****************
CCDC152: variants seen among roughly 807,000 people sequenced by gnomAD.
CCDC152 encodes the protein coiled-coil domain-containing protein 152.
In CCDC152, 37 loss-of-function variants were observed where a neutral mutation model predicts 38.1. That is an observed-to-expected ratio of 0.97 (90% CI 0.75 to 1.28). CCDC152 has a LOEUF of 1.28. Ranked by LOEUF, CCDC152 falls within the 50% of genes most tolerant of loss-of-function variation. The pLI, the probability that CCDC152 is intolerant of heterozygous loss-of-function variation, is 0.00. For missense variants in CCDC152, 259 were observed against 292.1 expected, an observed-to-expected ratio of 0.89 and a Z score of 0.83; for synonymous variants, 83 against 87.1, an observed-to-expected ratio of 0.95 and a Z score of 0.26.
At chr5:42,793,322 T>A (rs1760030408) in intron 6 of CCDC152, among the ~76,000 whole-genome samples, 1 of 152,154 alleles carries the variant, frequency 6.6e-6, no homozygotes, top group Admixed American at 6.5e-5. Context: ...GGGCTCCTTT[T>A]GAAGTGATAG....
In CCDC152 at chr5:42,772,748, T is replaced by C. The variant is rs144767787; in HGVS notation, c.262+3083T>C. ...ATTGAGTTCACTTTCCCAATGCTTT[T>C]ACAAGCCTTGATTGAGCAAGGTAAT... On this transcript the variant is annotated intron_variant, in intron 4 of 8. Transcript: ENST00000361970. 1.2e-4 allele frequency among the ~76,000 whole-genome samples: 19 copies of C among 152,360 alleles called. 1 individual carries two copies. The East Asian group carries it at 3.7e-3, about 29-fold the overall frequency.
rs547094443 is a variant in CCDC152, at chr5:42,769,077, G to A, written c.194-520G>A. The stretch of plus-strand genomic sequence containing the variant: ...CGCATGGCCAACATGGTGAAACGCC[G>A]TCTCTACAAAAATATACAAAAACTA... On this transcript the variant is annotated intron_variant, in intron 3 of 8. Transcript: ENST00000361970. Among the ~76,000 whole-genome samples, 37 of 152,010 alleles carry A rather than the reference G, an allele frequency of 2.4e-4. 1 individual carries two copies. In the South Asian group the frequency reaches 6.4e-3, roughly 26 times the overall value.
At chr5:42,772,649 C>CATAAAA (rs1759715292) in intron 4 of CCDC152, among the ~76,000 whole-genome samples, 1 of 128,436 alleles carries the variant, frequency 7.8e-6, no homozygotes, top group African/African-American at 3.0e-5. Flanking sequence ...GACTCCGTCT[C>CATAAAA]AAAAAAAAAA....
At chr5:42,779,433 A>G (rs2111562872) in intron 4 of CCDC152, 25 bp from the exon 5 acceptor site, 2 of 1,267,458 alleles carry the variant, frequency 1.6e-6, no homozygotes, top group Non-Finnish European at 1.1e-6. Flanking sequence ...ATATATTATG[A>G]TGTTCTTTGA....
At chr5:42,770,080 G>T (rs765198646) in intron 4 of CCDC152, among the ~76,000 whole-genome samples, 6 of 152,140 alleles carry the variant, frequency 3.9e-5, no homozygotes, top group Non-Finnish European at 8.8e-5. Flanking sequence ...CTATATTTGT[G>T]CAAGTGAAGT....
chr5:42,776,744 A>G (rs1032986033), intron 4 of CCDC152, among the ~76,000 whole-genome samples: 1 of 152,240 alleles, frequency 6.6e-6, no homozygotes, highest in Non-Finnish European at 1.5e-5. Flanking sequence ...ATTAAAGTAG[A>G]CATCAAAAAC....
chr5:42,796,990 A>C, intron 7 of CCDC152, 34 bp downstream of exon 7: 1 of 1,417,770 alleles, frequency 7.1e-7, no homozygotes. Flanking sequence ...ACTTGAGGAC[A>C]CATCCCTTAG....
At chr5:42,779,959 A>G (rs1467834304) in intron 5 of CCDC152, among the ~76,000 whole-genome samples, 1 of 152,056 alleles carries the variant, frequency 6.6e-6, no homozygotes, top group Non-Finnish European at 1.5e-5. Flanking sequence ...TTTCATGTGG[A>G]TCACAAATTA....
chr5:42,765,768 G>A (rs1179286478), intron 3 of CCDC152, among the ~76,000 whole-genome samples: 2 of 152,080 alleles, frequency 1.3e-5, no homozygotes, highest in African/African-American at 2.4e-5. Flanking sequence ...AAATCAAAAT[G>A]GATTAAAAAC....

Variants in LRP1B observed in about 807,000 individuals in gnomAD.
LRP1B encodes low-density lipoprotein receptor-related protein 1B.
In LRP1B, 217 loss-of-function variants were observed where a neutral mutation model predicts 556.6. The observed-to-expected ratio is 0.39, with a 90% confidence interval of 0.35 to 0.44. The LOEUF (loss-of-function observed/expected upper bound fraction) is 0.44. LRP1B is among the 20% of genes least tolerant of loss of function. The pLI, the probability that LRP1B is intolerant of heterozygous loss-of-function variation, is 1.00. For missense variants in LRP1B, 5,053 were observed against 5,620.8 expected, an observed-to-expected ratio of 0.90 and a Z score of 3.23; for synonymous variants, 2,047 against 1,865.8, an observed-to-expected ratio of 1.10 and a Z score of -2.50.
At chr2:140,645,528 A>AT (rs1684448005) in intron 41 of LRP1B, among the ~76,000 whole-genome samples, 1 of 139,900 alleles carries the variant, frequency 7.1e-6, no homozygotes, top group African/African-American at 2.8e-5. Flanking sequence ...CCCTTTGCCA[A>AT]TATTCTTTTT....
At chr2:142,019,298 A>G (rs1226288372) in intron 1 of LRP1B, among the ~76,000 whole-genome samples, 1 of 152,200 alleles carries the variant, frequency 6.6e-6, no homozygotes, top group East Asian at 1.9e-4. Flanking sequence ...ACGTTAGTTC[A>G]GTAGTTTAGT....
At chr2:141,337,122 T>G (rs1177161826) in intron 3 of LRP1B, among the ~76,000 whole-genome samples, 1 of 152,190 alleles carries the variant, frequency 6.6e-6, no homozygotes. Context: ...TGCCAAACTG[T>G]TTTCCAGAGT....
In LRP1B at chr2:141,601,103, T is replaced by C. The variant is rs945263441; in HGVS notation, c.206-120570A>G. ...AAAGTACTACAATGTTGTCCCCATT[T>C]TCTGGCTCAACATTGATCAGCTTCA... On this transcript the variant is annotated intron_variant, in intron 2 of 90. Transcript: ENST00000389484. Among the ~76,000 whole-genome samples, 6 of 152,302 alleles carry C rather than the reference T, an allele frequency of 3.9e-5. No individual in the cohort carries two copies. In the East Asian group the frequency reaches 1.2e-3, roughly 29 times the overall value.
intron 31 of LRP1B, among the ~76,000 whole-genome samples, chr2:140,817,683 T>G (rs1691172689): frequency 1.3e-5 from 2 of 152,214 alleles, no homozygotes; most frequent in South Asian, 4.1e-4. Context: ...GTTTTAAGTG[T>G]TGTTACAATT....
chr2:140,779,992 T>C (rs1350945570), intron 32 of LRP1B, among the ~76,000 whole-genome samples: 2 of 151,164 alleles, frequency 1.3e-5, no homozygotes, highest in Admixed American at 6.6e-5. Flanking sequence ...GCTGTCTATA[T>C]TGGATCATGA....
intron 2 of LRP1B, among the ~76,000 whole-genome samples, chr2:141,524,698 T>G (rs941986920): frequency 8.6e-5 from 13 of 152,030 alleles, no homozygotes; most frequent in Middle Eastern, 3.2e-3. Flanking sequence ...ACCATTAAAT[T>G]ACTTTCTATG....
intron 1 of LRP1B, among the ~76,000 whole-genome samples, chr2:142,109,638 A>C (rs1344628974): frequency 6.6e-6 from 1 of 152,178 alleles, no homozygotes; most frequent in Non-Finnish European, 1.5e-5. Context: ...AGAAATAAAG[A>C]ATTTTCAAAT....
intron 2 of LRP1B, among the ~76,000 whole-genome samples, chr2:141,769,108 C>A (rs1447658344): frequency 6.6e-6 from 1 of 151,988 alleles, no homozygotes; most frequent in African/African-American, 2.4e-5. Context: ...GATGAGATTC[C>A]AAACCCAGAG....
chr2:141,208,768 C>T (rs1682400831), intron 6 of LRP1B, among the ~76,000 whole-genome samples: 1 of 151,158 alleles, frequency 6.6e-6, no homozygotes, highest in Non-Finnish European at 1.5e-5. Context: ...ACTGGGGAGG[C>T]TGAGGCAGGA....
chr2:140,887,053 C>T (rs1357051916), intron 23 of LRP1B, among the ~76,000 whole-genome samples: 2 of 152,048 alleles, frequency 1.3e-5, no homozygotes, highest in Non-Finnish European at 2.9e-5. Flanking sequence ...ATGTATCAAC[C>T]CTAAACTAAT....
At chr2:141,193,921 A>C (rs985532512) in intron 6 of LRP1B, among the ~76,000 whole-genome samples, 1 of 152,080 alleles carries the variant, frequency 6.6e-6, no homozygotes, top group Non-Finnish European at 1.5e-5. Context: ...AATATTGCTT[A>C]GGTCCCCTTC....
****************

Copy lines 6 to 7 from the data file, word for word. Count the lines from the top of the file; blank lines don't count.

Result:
rs547094443 is a variant in CCDC152, at chr5:42,769,077, G to A, written c.194-520G>A. The stretch of plus-strand genomic sequence containing the variant: ...CGCATGGCCAACATGGTGAAACGCC[G>A]TCTCTACAAAAATATACAAAAACTA... On this transcript the variant is annotated intron_variant, in intron 3 of 8. Transcript: ENST00000361970. Among the ~76,000 whole-genome samples, 37 of 152,010 alleles carry A rather than the reference G, an allele frequency of 2.4e-4. 1 individual carries two copies. In the South Asian group the frequency reaches 6.4e-3, roughly 26 times the overall value.
At chr5:42,772,649 C>CATAAAA (rs1759715292) in intron 4 of CCDC152, among the ~76,000 whole-genome samples, 1 of 128,436 alleles carries the variant, frequency 7.8e-6, no homozygotes, top group African/African-American at 3.0e-5. Flanking sequence ...GACTCCGTCT[C>CATAAAA]AAAAAAAAAA....